Regardless, Samsung’s patent will likely enter production after this year’s slate of Samsung phones. The company has already scheduled the Galaxy Note 9’s launch on August 9.

To add to this, another leak indicates that even the Galaxy S series will feature bezel-less screens next year.

SEE ALSO: Samsung might launch a 512GB Galaxy Note 9 in Korea and China

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Does this confirm the ASUS ROG Phone coming to the US?

Finally leaving Taiwan

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One of the biggest mysteries during the ROG Phone launch — among many — was when and where the ASUS gaming phone was going to be rolled out.

Outside of the obvious homeland of Taiwan and “coming soon,” there wasn’t much else divulged about the availability, or even the price for that matter, but we may have found one major clue.

The US website of ASUS put up a dedicated page for the ROG Phone. While it doesn’t indicate any of the details we want to know, it’s a strong indicator that the gaming handset is in fact on its way to the other side of the world.

ASUS executives themselves promised that the device will become commercially available some time during the second half of 2018, and with that about to begin in a little over a week, more details may soon be known.

For now, the ROG Phone is still the most powerful handset ASUS has released to date, and continues to be the most attractive gaming smartphone this year.

You can learn more about it in our hands-on video here:

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Apple plans to remove the iPhone’s Lightning port soon

In anticipation for the AirPower wireless charger

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A few years ago, Apple eliminated the audio jack from its iPhones, ending years of tangled cords and loose-fitting earbuds. The move rightfully irked audio fans, citing lost AirPods and monopolized accessories.

Sadly, Apple is continuing its war against I/O ports. By September, the company will release their first official wireless charging mat, the AirPower.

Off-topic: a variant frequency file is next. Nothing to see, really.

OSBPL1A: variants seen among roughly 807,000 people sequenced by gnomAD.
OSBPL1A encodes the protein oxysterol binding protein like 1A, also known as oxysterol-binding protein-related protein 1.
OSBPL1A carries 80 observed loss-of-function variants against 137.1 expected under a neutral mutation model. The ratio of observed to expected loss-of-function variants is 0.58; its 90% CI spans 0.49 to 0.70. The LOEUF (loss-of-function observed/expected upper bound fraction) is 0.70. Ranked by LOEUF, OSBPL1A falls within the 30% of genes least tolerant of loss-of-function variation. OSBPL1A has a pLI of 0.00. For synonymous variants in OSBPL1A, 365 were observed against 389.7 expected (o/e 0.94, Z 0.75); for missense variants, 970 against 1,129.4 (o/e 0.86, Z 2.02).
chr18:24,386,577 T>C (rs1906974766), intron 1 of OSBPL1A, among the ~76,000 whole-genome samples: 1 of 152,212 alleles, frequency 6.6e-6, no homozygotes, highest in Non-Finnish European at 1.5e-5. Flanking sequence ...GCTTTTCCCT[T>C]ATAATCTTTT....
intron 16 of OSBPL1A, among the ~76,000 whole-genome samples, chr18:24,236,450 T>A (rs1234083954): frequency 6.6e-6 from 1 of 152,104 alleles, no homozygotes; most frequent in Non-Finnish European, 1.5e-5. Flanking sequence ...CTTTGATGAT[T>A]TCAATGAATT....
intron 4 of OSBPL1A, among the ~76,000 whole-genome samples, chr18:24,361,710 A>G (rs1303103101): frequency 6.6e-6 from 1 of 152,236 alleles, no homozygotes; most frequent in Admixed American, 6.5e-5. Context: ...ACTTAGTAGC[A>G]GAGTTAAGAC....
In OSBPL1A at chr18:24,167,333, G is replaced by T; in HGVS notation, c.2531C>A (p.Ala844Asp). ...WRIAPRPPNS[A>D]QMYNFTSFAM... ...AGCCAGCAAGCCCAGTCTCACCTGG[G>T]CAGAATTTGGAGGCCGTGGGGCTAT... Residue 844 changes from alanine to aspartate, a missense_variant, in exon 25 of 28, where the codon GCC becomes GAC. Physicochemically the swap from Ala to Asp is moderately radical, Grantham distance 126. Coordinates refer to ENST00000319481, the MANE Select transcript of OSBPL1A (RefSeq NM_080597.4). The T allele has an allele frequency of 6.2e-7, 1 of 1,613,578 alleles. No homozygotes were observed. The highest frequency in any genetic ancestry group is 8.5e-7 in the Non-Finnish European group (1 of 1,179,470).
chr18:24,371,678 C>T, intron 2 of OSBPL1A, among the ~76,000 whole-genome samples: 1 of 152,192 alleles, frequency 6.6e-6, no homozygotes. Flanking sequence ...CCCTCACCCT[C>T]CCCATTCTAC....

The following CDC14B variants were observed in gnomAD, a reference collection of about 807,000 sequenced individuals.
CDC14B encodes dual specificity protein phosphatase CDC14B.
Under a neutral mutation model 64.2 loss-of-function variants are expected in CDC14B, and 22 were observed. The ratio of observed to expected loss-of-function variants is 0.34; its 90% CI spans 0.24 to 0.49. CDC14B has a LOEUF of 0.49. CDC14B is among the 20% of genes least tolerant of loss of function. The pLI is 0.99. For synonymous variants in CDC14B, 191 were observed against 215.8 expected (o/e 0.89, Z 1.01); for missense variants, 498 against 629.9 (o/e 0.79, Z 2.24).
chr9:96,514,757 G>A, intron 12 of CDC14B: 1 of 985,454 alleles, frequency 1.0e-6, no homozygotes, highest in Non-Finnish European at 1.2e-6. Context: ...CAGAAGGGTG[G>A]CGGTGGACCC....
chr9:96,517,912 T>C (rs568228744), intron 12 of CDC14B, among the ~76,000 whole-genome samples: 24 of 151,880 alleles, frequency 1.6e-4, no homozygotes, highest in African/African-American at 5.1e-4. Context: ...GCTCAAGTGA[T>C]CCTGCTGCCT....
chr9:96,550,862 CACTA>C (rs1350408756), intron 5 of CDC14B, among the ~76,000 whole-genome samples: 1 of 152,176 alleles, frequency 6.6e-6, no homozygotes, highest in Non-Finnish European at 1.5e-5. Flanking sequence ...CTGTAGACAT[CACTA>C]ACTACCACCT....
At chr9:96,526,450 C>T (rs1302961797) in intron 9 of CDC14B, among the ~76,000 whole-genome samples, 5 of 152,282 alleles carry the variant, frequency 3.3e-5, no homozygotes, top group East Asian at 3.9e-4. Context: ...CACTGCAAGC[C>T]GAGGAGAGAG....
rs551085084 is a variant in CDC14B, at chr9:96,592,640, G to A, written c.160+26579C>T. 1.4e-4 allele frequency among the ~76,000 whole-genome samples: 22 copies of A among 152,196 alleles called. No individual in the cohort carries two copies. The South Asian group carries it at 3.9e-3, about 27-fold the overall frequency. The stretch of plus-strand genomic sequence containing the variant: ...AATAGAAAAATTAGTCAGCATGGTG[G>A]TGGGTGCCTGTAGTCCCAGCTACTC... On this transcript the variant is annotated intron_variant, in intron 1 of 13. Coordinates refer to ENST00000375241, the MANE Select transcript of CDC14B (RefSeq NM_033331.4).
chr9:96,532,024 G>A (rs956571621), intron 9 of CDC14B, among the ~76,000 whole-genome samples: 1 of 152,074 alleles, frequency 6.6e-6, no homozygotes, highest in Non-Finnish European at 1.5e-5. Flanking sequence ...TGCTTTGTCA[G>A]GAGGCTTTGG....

Of course, Apple’s AirPower isn’t the first exclusive charging mat in the smartphone industry. Currently, Android smartphones also tout their own Qi wireless charging mats. However, despite wireless prevalence, Android phone makers have not announced plans to remove wired charging altogether.

Shockingly (or perhaps not), Apple already has plans to remove the iPhone’s Lightning port. According to Bloomberg writer Mark Gurman, the company considered removing the port as early as the iPhone X.

At the time, Apple did not have the guns to back up their vision. Since the AirPower hasn’t launched yet, a push for wireless exclusivity is ill advised.

Although, with the AirPower’s nearing release, Apple’s desire to eliminate all wired accessories is slowly coming to reality. Despite last year’s setback, Apple is still adamant to create a completely wireless iPhone.

Notably, the Lightning port’s capabilities extend from just simply charging. The port also supports media and file transfers from larger devices. Eliminating the port also puts a premium on wireless file transfers.

Without a Lightning port, Apple is realizing an iPhone that will look like a slab of glass. As of now, a Lightning-less iPhone will likely spark more controversy for Apple. The company has already earned a lot of ire for removing the 3.5mm audio port.

Regardless, an I/O-less iPhone is coming sooner than we would like.

SEE ALSO: Apple might switch to USB-C, fast charging in the future